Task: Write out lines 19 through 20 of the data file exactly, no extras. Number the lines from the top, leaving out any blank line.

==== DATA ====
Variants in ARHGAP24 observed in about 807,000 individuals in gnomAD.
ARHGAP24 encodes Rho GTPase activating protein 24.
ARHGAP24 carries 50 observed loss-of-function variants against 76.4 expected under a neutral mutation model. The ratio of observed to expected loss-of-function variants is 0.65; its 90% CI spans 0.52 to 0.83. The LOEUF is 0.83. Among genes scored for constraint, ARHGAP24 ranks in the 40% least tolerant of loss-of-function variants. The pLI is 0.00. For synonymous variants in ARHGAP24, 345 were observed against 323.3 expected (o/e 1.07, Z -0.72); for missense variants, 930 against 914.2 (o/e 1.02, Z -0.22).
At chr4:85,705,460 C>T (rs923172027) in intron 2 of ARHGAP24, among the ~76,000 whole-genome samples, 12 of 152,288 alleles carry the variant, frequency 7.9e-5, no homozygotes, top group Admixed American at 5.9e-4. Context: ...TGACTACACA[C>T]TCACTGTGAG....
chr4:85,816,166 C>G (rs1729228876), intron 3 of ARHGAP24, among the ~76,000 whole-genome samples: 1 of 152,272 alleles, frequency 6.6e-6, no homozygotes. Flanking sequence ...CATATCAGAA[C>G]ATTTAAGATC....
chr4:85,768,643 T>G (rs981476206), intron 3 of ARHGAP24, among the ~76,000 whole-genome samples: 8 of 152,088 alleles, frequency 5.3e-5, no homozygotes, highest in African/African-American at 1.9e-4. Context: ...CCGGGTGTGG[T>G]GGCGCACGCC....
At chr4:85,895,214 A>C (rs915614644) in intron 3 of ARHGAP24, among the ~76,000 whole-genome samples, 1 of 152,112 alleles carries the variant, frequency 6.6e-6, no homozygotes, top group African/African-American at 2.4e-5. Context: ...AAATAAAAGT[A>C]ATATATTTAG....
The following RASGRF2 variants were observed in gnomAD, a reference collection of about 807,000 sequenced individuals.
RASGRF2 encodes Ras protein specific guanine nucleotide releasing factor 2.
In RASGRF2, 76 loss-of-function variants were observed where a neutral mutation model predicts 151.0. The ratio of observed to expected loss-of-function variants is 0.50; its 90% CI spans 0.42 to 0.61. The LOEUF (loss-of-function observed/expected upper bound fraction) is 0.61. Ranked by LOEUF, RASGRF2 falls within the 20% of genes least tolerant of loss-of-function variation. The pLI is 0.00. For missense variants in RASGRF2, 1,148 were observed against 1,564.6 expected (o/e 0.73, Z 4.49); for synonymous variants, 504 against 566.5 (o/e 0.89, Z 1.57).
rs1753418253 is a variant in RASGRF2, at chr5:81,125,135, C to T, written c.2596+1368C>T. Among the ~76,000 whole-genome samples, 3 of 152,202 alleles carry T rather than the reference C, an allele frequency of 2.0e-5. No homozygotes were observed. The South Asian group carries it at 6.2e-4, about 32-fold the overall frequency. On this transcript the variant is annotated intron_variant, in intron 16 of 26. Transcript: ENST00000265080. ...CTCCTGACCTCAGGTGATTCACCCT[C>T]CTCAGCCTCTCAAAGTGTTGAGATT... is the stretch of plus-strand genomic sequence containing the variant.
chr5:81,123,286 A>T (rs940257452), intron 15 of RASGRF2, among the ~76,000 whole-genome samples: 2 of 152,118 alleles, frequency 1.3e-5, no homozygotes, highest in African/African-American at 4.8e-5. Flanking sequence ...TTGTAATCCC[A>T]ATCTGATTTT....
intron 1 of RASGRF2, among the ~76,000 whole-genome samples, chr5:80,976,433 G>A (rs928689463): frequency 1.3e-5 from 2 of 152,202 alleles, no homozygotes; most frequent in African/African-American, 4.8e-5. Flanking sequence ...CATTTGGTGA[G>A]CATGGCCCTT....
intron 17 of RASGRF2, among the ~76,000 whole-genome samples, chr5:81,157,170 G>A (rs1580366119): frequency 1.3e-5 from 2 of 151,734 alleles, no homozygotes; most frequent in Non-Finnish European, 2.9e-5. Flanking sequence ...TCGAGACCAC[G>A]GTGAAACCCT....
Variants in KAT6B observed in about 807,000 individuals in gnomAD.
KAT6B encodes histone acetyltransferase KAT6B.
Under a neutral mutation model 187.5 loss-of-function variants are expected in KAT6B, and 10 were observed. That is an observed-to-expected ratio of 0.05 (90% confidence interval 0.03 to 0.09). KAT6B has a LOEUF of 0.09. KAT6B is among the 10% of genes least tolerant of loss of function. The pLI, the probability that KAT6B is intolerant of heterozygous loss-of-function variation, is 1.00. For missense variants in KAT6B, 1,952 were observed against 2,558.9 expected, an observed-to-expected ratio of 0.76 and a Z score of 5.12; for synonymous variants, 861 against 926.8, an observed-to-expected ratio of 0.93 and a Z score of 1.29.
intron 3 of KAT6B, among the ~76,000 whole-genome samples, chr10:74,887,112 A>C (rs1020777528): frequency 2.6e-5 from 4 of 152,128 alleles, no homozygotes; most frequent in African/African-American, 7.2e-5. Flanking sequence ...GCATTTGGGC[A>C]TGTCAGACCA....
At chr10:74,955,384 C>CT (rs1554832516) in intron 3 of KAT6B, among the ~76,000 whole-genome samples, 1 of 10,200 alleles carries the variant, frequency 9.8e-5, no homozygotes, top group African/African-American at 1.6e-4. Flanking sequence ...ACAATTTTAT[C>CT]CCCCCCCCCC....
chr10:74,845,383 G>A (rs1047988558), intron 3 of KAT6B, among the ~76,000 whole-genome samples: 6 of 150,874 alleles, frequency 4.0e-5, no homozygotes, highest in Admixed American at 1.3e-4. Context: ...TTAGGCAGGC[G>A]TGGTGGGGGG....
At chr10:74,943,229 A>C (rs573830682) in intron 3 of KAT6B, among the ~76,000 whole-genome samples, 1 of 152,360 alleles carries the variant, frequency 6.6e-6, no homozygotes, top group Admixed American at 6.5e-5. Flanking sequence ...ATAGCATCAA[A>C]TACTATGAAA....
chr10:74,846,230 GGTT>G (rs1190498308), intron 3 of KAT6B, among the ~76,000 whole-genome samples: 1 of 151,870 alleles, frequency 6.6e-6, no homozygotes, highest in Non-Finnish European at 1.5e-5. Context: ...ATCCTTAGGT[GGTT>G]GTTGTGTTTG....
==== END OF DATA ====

At chr10:74,955,384 C>CT (rs1554832516) in intron 3 of KAT6B, among the ~76,000 whole-genome samples, 1 of 10,200 alleles carries the variant, frequency 9.8e-5, no homozygotes, top group African/African-American at 1.6e-4. Flanking sequence ...ACAATTTTAT[C>CT]CCCCCCCCCC....
chr10:74,845,383 G>A (rs1047988558), intron 3 of KAT6B, among the ~76,000 whole-genome samples: 6 of 150,874 alleles, frequency 4.0e-5, no homozygotes, highest in Admixed American at 1.3e-4. Context: ...TTAGGCAGGC[G>A]TGGTGGGGGG....